There is little sign of oversupply, Re:shape co-founder Jermaine Browne said, with Savills data showing that only 4% of current demand was being met.

“BTR is not as affordable, and the removal of [government support scheme] Help to Buy means there is a perfect storm of housing delivery not coming through,” he said. 

If anything, many of those schemes with planning permission will be delayed because of the increase in construction costs, with inflation pushing up labour and materials prices, and the increased cost of debt, Zakaria said.

“A lot of those schemes were consented on a previous basis, and may not work in a world where construction costs are up 15%,” she said. “I’m not sure all of that pipeline will be delivered. That is good if you have existing assets, but may hold back those that want to grow their portfolio.”

A communal area of ARK Wembley

While debt costs have gone up, lenders are still willing to provide loans in the sector, which was not a given considering it is an emerging asset class, Zakaria added. And the recent drop in energy prices had eased the pressure on operating margins — when prices spiked over the winter, the cost of energy for rooms, typically offered with bills included, was creating cost leakage of up to 20%.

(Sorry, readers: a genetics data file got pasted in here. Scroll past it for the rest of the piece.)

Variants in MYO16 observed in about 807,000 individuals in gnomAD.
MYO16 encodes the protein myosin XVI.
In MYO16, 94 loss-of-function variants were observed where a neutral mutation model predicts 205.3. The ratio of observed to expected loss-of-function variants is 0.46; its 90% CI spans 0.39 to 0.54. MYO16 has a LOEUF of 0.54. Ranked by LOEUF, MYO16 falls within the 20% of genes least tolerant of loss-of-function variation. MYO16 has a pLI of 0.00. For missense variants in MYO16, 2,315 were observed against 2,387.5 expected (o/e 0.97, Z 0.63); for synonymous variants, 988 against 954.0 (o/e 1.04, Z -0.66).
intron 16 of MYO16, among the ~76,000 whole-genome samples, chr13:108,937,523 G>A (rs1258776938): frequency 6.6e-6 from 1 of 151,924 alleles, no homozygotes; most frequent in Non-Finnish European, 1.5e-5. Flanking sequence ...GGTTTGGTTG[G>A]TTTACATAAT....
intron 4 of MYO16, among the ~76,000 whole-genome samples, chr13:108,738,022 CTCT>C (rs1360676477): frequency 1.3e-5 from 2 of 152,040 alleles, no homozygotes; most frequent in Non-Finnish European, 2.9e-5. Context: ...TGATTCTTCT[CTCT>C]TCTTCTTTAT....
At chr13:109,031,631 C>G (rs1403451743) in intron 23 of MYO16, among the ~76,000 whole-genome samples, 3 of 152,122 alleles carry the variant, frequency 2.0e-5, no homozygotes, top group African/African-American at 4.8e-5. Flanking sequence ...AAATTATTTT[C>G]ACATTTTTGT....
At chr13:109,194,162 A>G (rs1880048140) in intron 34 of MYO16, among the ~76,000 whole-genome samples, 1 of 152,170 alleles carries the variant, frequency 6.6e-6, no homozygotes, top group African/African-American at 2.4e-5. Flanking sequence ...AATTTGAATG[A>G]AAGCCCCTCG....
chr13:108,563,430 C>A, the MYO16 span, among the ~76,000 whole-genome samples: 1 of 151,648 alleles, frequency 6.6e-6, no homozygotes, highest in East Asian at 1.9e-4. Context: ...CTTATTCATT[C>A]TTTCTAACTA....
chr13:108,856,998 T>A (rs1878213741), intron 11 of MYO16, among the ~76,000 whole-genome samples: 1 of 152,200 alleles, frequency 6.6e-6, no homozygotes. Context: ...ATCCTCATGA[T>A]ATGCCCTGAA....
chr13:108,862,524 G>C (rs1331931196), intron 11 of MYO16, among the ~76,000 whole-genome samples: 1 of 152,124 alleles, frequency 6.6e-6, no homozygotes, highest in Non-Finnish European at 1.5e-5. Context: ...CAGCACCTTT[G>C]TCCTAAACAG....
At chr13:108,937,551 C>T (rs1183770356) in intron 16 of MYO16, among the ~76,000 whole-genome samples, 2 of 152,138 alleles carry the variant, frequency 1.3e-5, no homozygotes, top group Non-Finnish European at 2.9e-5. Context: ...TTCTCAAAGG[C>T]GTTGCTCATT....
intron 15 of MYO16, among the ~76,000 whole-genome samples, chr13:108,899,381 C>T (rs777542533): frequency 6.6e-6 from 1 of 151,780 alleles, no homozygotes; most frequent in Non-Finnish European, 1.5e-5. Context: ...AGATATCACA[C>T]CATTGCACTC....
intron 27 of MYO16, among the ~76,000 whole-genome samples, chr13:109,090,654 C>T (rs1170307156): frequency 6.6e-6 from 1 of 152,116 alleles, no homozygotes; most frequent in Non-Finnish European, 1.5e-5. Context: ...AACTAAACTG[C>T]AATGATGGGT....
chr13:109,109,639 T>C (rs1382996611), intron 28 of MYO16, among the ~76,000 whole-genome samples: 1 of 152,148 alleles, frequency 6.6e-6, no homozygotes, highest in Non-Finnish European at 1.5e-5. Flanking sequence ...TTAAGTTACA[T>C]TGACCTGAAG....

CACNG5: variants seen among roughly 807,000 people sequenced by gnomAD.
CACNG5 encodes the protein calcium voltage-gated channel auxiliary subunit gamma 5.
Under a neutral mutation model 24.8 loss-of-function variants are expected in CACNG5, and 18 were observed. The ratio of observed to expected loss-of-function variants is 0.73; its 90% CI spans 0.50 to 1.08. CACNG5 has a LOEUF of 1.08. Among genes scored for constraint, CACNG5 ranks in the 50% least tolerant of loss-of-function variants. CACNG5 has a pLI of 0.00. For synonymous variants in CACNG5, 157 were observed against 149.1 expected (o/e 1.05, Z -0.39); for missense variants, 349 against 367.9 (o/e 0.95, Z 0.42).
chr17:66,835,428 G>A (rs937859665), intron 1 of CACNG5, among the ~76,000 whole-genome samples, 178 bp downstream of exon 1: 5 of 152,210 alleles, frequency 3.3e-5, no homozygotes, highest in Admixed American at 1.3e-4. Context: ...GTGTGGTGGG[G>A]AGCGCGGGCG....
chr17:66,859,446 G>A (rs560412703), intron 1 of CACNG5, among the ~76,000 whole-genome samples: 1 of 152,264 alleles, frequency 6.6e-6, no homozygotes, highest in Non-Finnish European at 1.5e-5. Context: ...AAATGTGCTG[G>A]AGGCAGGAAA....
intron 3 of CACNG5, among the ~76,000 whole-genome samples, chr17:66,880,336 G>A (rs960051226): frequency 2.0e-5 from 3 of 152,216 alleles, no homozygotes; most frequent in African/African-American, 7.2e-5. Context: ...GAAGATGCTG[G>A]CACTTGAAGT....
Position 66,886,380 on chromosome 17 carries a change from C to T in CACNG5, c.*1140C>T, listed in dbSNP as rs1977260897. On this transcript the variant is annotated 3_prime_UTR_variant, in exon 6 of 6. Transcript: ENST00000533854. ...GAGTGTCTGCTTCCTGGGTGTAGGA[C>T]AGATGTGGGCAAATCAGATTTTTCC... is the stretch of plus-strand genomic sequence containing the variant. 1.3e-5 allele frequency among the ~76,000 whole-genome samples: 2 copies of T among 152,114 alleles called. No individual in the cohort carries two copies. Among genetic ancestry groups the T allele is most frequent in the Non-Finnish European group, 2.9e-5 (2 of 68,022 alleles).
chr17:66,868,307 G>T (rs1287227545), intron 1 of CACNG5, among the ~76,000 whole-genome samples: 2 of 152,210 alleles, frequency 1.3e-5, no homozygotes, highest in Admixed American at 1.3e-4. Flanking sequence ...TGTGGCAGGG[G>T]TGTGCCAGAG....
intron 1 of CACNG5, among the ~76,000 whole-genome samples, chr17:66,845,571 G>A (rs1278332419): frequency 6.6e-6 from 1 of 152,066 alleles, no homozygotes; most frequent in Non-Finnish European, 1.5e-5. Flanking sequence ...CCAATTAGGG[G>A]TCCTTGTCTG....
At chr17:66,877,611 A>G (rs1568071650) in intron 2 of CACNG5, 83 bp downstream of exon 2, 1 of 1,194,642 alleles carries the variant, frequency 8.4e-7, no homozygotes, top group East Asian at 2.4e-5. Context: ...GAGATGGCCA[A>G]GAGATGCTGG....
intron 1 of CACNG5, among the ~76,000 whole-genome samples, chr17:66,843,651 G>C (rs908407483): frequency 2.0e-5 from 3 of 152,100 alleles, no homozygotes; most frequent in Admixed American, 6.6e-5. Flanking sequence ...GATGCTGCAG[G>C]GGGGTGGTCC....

In 2021, The Collective, until then the earliest mover and biggest name in the UK co-living sector, went into administration. The collapse of the sector’s trailblazer created problems for those looking to expand, some which have been easier to surmount than others. 

“The first pioneer in the sector going into administration and the headlines that created haven’t helped,” DTZ Investors COLIV Investment Director Chris Saunders said. COLIV was a fund originally in partnership with The Collective. 

“We’ve had to spend a lot of time explaining to investors that it didn’t fail because of operational issues, or demand for co-living, it was because the business was overleveraged,” Saunders added. “Occupancy stayed high even during the pandemic.”

Saunders said that investors are overcoming any reservations they might have had in the wake of The Collective’s collapse, given strong demand for rooms and good returns on offer. A more difficult legacy is the associations the company created in the minds of planners. 

Rooms in The Collective’s first scheme at Old Oak Common were 130 SF, and planning officials from other boroughs that saw the rooms were wary about approving co-living schemes because the rooms seemed so small.

As a result, newer developments are favouring larger rooms to assuage these concerns: Saunders pointed to his fund’s scheme in Earlsfield, where rooms are 183 SF on average, and Node’s Khera said the company’s latest scheme in Brixton averaged 237 SF. 

“Innovators never get anything right first time, and real estate is not like tech, it’s an unforgiving sector, especially when you lose other people’s money,” Khera said. “But where the sector started, with small rooms and typically short stays — we’re moving on from that.”